Former baseball great Satchel Paige once said, “Don’t pray when it rains if you don’t pray when the sun shines.”

This sounds like good old salt-of-the-earth wisdom, but it’s actually terrible advice. (For future reference, wise┬ácounsel never begins with the phrase, “Don’t pray.”)

Everyone knows that it’s a mistake not to pray when the sun is shining. But it’s foolish to compound the mistake by refusing to pray when the rain starts pouring down.

Even if you haven’t prayed enough in the past, this is the time to start praying more than ever.

Often, when trouble strikes, our first reaction is panic. Our first emotion is fear. We need to move past this impulse and start moving in the direction of prayer.

This is what happened when King Jeshophat heard that three armies were aligned against him, preparing to attack. The Bible says…

Jehoshaphat was terrified by this news and begged the Lord for guidance. (2 Chronicles 20:3)

First came fear, a normal reaction.

Then came prayer, a much better response.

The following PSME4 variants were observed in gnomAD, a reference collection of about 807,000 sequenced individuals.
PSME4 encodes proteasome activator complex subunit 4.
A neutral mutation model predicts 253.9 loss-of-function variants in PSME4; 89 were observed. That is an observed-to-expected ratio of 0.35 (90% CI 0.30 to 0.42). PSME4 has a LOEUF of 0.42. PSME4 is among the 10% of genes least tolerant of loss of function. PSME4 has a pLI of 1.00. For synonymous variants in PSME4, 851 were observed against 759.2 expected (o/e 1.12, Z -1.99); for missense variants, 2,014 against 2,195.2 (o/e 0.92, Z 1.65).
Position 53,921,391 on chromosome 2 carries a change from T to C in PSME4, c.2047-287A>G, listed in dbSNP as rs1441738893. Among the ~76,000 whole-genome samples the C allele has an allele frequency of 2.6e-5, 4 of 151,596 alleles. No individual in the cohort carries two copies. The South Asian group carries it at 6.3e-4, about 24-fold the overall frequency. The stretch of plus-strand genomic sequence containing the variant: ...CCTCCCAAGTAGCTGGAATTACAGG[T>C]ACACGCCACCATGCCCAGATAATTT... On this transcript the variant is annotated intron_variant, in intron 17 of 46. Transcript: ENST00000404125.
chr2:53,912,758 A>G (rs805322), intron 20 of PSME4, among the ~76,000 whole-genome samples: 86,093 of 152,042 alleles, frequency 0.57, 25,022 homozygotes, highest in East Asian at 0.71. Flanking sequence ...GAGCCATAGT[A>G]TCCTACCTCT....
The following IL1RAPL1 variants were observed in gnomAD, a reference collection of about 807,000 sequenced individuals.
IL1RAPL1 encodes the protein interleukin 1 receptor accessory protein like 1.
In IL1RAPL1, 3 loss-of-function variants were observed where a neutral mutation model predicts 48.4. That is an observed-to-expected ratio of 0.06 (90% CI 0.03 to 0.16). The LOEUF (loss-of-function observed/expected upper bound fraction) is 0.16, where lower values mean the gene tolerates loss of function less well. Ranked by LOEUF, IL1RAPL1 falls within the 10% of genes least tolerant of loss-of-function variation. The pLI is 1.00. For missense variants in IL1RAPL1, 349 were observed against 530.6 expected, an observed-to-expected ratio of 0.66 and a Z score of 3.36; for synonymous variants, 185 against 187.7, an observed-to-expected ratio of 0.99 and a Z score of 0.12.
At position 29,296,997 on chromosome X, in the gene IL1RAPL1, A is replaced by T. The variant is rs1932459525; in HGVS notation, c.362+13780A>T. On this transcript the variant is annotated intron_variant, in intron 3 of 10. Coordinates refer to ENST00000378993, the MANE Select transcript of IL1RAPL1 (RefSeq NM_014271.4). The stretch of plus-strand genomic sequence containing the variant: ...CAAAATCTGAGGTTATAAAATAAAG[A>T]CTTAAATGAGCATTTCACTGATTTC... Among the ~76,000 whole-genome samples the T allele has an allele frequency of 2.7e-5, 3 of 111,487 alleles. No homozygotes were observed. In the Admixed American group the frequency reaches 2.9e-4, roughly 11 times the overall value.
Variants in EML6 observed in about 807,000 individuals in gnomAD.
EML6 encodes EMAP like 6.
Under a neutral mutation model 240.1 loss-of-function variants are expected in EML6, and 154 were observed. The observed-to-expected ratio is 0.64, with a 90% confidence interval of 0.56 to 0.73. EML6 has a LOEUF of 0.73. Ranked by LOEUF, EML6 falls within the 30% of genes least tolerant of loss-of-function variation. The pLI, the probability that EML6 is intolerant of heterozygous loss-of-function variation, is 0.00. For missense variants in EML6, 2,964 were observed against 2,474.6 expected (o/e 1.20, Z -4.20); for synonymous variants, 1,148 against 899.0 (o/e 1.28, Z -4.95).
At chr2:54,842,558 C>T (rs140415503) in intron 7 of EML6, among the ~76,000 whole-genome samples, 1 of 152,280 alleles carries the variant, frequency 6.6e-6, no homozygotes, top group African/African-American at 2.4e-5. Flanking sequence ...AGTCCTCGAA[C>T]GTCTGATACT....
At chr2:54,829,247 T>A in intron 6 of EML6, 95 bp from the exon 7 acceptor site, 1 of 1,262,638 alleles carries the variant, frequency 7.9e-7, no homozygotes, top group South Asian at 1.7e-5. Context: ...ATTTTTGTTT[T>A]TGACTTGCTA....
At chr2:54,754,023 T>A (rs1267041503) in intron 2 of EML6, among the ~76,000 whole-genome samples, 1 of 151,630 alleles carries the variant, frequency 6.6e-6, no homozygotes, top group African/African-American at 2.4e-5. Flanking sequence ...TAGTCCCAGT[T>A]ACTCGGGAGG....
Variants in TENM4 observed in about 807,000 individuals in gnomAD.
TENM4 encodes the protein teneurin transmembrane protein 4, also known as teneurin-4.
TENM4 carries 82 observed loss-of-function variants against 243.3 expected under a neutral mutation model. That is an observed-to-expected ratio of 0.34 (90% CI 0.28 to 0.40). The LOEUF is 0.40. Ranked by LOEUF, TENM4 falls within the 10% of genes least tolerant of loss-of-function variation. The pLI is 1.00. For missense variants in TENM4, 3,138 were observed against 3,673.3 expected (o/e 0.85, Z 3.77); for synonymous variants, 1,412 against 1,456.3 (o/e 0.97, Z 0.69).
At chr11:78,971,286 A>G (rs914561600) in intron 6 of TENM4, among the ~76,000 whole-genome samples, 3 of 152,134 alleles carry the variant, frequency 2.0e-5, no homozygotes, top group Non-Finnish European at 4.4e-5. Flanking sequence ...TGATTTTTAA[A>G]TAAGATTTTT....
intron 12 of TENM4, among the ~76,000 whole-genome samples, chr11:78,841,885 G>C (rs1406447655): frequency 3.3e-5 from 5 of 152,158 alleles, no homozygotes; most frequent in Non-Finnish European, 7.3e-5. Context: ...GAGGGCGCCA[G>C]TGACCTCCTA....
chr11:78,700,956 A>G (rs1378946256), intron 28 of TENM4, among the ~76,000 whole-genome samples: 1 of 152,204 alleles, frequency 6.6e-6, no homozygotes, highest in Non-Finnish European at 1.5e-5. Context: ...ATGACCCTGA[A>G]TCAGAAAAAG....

Then came God’s guidance.

Then came provision.

Then came victory.

God’s work in your life often begins from a place of need, or hurt, or fear. Many who walk close to Christ today can tell you that it was pain that led them to pursue a deeper relationship with God.

Despair can be a catalyst to experiencing God’s power. There’s a reason for this. When confronted with trouble, we’re more likely to shed the religious fa├žade and get real with God.

In the journey to experiencing God, this is the first step.

[Adapted from Steve’s book, Here Comes Trouble.]

Did you enjoy this post? It’s one of more than 500 One Minute Messages by Steve May in the illustration archives of